The Budapest Seminar

To open our inquiry on arts in education, the Evens Foundation invited practitioners from Europe and beyond for three days of challenging yet important conversations in the Hungarian capital of Budapest.

Navigating in the broad field that spans from art education to critical pedagogies, we started our research with an attempt to gain a deeper understanding of the current practices and main questions at stake. Our particular focus was on the use of arts in formal and informal educational settings.

As a first step, we conducted a series of interviews with researchers and practitioners experimenting with art-based pedagogies, and more broadly, art education conceived as a critical practice. Alongside formulating the contemporary problematics, the interviewed practitioners also often mentioned the need to have dedicated spaces for collective reflection and learning.

As a response, we convened a group of around 30 practitioners – educators, artists, and activists from Europe and beyond – to a seminar in Budapest. A group of 20 students in the Master's in Visual Arts TRANS – Art, Education, Engagement at HEAD, Switzerland joined us enriching our exchanges with new questions and perspectives.

Key questions raised

The programme, consisting of thematic round tables and working sessions, was developed collectively by the participating practitioners who defined a list of topics and problematics to focus on. Questions included: changing power relations in education, questioning mediation practices and discourses, relations between artists and educators, the place of the public, collaborative practices and co-creation, community work and the traps of categorizing, transferability of practices, situated knowledge, effects and impacts of social practice, educational activism, relations with institutions and political context.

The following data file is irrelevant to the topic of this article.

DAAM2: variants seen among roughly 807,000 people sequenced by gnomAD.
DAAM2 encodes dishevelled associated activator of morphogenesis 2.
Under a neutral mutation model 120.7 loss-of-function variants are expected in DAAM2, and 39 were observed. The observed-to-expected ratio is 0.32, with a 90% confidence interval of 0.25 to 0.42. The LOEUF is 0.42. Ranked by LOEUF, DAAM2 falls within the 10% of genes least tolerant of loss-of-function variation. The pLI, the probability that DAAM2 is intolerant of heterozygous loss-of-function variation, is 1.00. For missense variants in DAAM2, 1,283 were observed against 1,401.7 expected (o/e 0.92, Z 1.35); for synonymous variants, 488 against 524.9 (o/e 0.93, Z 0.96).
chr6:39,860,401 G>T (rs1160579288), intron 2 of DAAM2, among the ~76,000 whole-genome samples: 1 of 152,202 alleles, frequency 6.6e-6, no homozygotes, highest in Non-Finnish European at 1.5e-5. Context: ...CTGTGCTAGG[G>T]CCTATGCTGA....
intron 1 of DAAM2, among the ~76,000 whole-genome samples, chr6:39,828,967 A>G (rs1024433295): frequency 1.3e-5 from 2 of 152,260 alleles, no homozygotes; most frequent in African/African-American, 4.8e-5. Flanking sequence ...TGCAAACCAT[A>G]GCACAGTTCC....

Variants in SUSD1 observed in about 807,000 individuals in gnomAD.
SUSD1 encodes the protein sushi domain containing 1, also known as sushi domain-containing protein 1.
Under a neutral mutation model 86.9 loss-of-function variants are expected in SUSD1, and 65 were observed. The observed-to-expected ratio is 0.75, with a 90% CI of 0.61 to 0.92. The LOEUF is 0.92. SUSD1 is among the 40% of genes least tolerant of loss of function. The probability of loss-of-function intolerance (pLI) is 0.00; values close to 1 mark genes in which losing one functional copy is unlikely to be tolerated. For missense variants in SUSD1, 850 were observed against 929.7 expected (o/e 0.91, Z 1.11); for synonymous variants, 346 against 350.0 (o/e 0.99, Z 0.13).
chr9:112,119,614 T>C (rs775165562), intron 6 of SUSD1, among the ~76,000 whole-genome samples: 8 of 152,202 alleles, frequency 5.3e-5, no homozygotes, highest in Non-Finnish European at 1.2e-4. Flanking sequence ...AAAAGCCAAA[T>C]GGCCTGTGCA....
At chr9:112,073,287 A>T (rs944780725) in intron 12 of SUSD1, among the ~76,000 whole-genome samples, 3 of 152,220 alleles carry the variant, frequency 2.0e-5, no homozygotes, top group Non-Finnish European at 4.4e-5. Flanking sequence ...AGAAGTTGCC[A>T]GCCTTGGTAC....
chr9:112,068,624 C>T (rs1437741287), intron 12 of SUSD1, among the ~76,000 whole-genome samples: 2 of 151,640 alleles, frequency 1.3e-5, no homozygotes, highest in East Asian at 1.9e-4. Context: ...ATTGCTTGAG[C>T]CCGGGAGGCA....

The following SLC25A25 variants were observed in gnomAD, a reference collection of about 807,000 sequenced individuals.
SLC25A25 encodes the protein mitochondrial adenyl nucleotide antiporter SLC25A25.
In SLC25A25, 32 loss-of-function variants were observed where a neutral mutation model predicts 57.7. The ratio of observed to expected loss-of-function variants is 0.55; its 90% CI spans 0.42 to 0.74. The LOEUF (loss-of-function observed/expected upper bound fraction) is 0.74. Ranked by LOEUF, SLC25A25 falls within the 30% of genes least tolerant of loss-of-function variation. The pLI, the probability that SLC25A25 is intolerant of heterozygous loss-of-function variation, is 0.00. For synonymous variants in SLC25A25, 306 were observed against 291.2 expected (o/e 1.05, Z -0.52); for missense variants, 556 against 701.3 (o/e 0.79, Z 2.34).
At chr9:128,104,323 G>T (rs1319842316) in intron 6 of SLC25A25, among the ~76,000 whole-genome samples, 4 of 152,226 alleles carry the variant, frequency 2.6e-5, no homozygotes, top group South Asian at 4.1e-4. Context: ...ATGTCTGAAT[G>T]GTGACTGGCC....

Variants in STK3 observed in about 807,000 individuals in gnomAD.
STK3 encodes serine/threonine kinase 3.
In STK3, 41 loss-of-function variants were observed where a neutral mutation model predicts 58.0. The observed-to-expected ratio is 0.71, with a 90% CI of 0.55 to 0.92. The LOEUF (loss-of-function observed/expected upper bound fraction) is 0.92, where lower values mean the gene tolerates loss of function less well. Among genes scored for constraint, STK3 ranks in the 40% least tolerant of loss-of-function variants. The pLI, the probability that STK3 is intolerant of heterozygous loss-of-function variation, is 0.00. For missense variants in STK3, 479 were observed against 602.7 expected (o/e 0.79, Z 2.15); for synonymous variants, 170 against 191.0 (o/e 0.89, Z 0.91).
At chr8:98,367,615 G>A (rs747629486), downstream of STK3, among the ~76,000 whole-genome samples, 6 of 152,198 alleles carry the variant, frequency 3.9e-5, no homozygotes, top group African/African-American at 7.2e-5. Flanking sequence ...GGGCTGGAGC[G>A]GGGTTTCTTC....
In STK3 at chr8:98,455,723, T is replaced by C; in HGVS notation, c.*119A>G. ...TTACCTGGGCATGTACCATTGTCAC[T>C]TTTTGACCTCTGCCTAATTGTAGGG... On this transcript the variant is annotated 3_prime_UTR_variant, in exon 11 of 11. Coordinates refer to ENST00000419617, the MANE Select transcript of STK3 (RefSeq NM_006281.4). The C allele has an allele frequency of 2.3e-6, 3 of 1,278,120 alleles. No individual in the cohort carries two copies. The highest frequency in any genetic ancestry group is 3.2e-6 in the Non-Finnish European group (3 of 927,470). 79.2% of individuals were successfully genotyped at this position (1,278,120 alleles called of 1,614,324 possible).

As a platform for peer learning, the seminar also offered the participants an opportunity to discuss the obstacles and stumbling blocks they encounter in their practice and collectively think about strategies to overcome them.

Renowned art education professionals such as Janna Graham (Goldsmith University, London), Gila Kolb (Hochschule der Künste, Bern) and Nora Sternfeld (Kunsthochschule, Kassel) acted as advisors and moderators of the discussions, to help us further explore the educational and philosophical implications of art-based pedagogies. The list of participants was drawn up with their help.

The Budapest Seminar participants

Barby Asante, Teresa Cisneros – Agency for Agency (UK), Renate Höllwart, Elke Smodics – Büro trafo.K (Austria), Tijl Bossuyt, Daan Simons – De Veerman (Belgium), Ayse Gülec – documenta 14 (Germany), Samuel Guimaraes – Douro Museum (Portugal), Káva (Hungary), Mariana Murcia, Sebastián Cruz Roldán – Laagencia (Colombia), Konstanze Schütze – Methode Mandy (Germany), Marianne Guarino-Huet, Olivier Desvoignes – Microsillons (Switzerland), Marianne Niemelä – Museum of Impossible Forms (Finland), Nora Böhler – OFF biennale Budapest (Hungary), Marie Preston (France), Nelly Alfandari, Olivia Chessell – Radical Education Forum (UK), Rosario Talevi – raumlaborberlin (Germany), Amal Khalaf – Implicated Theatre/Serpentine Galleries (UK), Albert Heta – Stacion. Center for Contemporary Art Prishtina (Kosovo), Viktoria Draganova – Swimming Pool (Bulgaria), Javier Rodrigo Montero – Transductores (Spain), Zsuzsa László, Dóra Hegyi – Tranzit (Hungary), Boseda Olawoye – Threshold (UK).

Finally, we also used this opportunity to envision next steps: future partnerships or joint experimentation initiatives allowing participants to enrich their practice and take it further. For example, we are currently developing Travelling School, a concrete idea that emerged during the discussions - as a peer-learning residency project.